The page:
Harm

Harm is a moral and legal concept.

Bernard Gert construes harms as any of the following:

  • pain
  • death
  • disability
  • loss of ability or freedom
  • loss of pleasure

Joel Feinberg gives an account of harms as setbacks to interests. He distinguishes welfare interests from ulterior interests. Hence on his view there are two kinds of harms.

Welfare interests are

interests in the continuance for a foreseeable interval of one's life, and the interests in one's own physical health and vigor, the integrity and normal functioning of one's body, the absence of absorbing pain and suffering or grotesque disfigurement, minimal intellectual acuity, emotional stability, the absence of groundless anxieties and resentments, the capacity to engage normally in social intercourse and to enjoy and maintain friendships, at least minimal income and financial security, a tolerable social and physical environment, and a certain amount of freedom from interference and coercion.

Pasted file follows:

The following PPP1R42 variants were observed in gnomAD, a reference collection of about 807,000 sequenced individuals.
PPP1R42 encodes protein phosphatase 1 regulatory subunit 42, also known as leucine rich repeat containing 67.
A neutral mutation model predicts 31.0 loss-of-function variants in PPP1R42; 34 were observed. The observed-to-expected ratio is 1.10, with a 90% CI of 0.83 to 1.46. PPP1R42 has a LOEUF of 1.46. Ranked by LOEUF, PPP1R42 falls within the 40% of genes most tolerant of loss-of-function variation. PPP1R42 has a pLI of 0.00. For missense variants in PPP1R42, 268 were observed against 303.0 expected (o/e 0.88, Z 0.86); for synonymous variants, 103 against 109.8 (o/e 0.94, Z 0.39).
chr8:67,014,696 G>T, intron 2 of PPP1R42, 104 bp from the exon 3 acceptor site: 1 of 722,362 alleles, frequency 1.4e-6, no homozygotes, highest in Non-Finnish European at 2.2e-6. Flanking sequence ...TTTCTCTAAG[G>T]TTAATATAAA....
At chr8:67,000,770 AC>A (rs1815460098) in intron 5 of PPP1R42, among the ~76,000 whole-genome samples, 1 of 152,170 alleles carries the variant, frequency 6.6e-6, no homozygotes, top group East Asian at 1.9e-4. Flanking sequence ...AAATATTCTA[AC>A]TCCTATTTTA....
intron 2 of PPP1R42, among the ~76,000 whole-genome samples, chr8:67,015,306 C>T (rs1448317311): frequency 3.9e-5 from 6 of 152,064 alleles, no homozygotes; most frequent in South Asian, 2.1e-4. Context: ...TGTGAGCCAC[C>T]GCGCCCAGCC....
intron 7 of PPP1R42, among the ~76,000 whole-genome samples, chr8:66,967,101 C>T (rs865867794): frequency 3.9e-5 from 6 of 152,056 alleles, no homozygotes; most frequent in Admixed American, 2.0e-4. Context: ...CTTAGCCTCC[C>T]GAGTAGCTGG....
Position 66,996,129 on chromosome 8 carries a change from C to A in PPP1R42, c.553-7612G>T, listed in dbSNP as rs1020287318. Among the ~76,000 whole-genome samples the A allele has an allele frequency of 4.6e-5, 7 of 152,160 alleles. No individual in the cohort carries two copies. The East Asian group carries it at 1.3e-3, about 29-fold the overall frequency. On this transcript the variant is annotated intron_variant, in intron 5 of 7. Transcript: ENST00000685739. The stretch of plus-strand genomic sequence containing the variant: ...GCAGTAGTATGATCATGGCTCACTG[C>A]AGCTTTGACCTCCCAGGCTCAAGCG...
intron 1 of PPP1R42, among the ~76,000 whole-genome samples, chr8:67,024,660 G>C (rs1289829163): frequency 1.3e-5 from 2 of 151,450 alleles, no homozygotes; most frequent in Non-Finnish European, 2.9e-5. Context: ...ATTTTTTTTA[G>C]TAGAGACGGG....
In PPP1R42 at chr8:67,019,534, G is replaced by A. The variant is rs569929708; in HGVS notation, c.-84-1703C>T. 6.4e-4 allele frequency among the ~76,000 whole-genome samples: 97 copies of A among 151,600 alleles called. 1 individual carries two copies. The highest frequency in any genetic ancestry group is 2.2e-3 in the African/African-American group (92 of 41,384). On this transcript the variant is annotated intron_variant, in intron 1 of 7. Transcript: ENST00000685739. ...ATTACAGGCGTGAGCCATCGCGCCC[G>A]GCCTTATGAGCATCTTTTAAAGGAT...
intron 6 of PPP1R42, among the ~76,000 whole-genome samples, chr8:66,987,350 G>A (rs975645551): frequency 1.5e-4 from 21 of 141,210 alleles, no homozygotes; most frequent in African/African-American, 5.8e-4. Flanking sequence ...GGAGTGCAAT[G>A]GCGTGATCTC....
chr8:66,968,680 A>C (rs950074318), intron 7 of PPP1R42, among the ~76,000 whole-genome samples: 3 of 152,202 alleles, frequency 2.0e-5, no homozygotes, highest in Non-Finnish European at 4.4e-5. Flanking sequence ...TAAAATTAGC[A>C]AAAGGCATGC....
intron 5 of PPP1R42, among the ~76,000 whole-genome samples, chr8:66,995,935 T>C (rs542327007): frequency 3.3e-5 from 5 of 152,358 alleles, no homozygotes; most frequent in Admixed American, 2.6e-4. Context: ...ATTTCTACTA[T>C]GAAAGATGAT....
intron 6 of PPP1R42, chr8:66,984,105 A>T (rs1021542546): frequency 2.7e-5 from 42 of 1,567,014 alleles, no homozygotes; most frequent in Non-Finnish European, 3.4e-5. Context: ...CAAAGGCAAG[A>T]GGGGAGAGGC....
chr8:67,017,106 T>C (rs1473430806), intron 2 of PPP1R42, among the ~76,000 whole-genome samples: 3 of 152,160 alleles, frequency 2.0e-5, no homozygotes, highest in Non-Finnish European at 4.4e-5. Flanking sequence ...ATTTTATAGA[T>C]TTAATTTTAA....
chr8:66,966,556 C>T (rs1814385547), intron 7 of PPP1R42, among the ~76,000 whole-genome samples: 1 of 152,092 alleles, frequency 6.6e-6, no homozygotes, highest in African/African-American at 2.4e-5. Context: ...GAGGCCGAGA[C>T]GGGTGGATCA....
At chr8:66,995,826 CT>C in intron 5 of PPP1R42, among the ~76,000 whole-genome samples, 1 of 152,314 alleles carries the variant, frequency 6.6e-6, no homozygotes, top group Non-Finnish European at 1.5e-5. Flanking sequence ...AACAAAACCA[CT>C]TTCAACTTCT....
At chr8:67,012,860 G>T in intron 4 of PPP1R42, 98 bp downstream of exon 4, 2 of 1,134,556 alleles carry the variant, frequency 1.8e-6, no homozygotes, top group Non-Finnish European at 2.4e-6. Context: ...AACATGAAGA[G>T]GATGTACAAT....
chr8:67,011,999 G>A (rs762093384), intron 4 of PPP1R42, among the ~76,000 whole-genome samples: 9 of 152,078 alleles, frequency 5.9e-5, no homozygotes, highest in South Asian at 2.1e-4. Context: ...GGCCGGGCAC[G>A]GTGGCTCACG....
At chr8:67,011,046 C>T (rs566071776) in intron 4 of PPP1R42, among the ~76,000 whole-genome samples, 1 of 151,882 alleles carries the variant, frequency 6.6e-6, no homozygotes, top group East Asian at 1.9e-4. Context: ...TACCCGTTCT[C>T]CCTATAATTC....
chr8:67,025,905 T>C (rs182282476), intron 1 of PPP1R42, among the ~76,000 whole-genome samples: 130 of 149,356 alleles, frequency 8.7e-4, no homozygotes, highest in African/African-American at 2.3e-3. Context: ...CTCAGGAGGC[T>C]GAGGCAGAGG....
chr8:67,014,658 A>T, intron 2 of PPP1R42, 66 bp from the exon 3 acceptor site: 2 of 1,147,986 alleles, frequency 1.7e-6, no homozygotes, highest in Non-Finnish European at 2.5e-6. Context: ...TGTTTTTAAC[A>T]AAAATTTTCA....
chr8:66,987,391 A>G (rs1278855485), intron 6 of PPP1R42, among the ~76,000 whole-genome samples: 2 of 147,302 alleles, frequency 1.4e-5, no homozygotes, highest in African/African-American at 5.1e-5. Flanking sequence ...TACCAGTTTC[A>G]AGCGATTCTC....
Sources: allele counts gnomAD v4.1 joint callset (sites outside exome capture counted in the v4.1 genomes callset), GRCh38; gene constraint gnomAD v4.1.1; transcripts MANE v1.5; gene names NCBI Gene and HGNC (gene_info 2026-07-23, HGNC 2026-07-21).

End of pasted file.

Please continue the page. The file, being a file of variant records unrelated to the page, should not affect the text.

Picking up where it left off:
Ulterior interests are "a person's more ultimate goals and aspirations," such as "producing good novels or works of art, solving a crucial scientific problem, achieving high political office, successfully raising a family . . .".

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Famous quotes containing the word harm:

    What harm cause not those huge draughts or pictures which wanton youth with chalk or coals draw in each passage, wall or stairs of our great houses, whence a cruel contempt of our natural store is bred in them?
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    There is no truer cause of unhappiness amongst men than, where naturally expecting charity and benevolence, they receive harm and vexation.
    François Rabelais (1494–1553)

    Fall on the ground, O great Wetness, O Mother, No harm on thy body!
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